Director: Jack the Zipper | 66 minutes | eroticism | Actors: Franziska Facella, Jayme Langford, Devi Lynne, Jade Starr
Porn as art? Is such a statement going too far? Maybe, but Jack the Zipper’s “Xero” (well, do something about those ridiculous pseudonyms first if you want to be respected as a filmmaker) goes a long way. It is a fairly abstract porn film with hypnotic, and yes, certainly sexually stimulating, images, using a wide cinematic and photographic palette, and a captivating soundtrack with all kinds of original sounds and atmospheres. With such a serious description, the average porn lover might ask himself: “Yes, but is that horny?” Yes, that’s hot. Although, perhaps not enough for the real hardcore fanatic, nor for spectators who think there should always be a man in a sex film, but for many other sex-loving viewers there is certainly something to enjoy. The experts at AVN – Adult Video News – apparently agreed, having nominated “Xero” for four of their annual awards, including the prize for best “tease performance”.
Still, you have to be patient to fully enjoy “Xero”. You must also really like to be “teased” for a long time. Until it becomes almost unbearable. But in its own way, “Xero” works fine. Taken on their own, some episodes in “Xero” may be artificial and long-winded, but the same scenes can be fascinating and enchanting at the same time. Some pieces are played backwards, regularly in slow motion, or in a loop. Wind machines make hair fly, and an interesting shadow play ensures that we never see too much in certain scenes but are always kept curious. The director clearly likes to experiment and apply cinematic or photographic tricks, such as a photo-negative image, or a kaleidoscopic mirror effect, where a woman performs erotic acts with an exotic mask (with a large, phallic nose) and the net looks like she is engaged in a sexual act with a twin sister. It sounds simple and unlikely, but it has a surprisingly stimulating effect.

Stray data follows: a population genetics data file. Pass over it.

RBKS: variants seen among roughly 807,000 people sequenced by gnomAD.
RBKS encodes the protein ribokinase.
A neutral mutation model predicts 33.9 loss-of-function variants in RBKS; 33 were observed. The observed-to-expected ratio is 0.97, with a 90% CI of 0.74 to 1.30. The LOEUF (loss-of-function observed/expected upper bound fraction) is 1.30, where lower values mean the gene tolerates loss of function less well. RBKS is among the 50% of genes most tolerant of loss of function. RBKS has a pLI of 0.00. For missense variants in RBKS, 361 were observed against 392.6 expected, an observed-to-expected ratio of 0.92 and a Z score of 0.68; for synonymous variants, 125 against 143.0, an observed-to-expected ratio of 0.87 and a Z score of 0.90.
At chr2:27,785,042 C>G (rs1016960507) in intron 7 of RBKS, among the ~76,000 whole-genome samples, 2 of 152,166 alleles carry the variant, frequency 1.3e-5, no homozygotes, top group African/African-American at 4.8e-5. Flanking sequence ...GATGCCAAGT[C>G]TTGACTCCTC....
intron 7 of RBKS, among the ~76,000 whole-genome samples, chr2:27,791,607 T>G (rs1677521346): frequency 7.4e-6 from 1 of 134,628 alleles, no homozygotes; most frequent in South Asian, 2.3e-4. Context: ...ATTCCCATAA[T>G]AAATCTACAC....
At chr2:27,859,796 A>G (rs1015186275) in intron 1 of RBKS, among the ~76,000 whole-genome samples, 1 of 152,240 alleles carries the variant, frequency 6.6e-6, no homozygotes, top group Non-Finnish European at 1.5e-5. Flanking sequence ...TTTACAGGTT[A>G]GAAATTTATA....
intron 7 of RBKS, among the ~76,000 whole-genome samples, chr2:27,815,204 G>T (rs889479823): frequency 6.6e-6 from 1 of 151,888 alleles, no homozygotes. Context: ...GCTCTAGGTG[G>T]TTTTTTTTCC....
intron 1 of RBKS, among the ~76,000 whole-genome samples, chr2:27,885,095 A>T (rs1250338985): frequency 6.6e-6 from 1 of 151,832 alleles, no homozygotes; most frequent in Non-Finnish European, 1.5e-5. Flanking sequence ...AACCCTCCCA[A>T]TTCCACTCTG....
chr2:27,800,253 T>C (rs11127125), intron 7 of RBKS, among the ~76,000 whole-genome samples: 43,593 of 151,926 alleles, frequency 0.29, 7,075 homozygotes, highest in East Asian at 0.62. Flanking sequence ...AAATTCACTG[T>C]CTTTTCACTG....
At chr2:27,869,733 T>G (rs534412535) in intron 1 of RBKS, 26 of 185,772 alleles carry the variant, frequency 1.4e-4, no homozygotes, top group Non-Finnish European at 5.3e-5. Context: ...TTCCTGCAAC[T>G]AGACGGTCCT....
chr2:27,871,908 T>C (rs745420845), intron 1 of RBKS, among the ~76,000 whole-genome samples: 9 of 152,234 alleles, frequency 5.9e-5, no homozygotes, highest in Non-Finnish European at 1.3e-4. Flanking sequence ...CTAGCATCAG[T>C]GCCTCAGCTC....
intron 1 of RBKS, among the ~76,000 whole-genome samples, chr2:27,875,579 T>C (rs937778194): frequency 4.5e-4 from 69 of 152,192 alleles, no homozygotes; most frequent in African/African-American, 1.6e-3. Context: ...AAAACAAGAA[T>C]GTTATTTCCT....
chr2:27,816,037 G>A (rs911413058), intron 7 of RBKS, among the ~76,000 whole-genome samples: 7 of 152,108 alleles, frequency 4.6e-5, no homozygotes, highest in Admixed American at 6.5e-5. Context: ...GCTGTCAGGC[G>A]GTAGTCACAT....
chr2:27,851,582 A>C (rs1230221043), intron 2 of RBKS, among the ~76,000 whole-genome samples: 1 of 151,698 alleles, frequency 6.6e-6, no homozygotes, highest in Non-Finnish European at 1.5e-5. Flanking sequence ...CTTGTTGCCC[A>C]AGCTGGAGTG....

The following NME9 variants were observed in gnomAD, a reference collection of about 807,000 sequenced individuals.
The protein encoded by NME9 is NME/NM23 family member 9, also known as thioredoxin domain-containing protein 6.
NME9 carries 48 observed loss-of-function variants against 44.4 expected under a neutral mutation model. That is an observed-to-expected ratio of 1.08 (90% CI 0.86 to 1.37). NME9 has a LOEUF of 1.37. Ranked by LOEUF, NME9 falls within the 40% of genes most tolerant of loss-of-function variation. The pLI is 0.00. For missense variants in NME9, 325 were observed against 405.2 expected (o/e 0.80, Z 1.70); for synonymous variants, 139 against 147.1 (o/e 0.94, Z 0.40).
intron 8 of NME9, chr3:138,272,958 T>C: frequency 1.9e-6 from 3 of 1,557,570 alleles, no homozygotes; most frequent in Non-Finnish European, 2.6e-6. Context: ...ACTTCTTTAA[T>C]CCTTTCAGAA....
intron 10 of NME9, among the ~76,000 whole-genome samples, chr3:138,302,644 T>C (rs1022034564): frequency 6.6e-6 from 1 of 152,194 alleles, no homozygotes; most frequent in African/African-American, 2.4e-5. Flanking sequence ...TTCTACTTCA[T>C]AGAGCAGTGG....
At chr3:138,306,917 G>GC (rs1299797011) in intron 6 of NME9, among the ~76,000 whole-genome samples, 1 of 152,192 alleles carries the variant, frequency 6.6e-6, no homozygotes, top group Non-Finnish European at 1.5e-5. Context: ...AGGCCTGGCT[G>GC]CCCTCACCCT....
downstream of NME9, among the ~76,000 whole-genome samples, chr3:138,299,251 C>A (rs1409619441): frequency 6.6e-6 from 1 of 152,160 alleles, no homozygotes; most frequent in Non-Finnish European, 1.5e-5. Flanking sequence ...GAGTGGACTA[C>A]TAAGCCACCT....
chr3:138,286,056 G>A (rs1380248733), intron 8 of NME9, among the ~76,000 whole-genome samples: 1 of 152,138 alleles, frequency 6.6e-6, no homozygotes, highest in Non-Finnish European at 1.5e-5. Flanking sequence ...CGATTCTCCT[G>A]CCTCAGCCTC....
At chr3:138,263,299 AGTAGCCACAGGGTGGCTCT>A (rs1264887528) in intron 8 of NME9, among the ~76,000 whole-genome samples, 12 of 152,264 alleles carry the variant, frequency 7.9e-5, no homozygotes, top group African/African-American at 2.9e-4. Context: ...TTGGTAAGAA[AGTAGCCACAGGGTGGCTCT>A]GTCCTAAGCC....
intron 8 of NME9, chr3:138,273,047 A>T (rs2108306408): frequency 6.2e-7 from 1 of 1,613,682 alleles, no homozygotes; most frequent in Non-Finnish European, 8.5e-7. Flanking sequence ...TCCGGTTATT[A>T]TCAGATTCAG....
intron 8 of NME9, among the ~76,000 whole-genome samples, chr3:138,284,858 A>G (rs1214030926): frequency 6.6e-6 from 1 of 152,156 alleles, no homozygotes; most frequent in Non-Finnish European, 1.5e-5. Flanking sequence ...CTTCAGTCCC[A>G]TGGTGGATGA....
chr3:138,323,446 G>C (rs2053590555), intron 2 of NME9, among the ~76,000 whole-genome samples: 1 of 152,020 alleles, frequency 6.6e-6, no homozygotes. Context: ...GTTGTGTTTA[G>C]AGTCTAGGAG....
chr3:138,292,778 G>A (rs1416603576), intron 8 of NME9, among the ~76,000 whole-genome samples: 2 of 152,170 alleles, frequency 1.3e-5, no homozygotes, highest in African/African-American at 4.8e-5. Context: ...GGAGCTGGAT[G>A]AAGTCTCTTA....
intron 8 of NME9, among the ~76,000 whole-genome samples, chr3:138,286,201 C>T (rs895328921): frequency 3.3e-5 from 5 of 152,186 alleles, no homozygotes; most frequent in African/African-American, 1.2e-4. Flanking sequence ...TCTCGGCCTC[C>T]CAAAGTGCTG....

Don’t panic for the “old school” porn fanatic: there is also penetration (without real dicks, admittedly) and oral “communication”, but “Xero” generally has a somewhat more abstract approach. No hard pounding or wild ejaculations in this film, but beautiful naked – or scantily clad, or showing only slightly bare legs – women who hypnotize and tease the viewer with their hip movements or tender touches. There is also not a single moaning to be heard, just the varied, atmospheric soundtrack of Rockford Kabine. The director also sees porn as the “punk rock” of cinema and sees it as the ultimate genre to experiment with film. This is a man who says he is inspired by Stanley Kubrick, Salvador Dali and David Lynch, and more within the erotic or porn genre by the Japanese Pink cinema and Andrew Blake. He clearly wants to bridge the gap between “conventional” surrealist cinema and the pornographic genre. It may seem a bit pretentious here and there – should the strange suspension and black leather and gas mask-clad Avenger suggest depth, or is it just plain fetishism? – but it is almost a compliment if this word can be used in combination with the word “porn movie”. “Xero” may not be deep, but it is certainly interesting and – especially after discovering and accepting the rhythm of the film – also very sexy.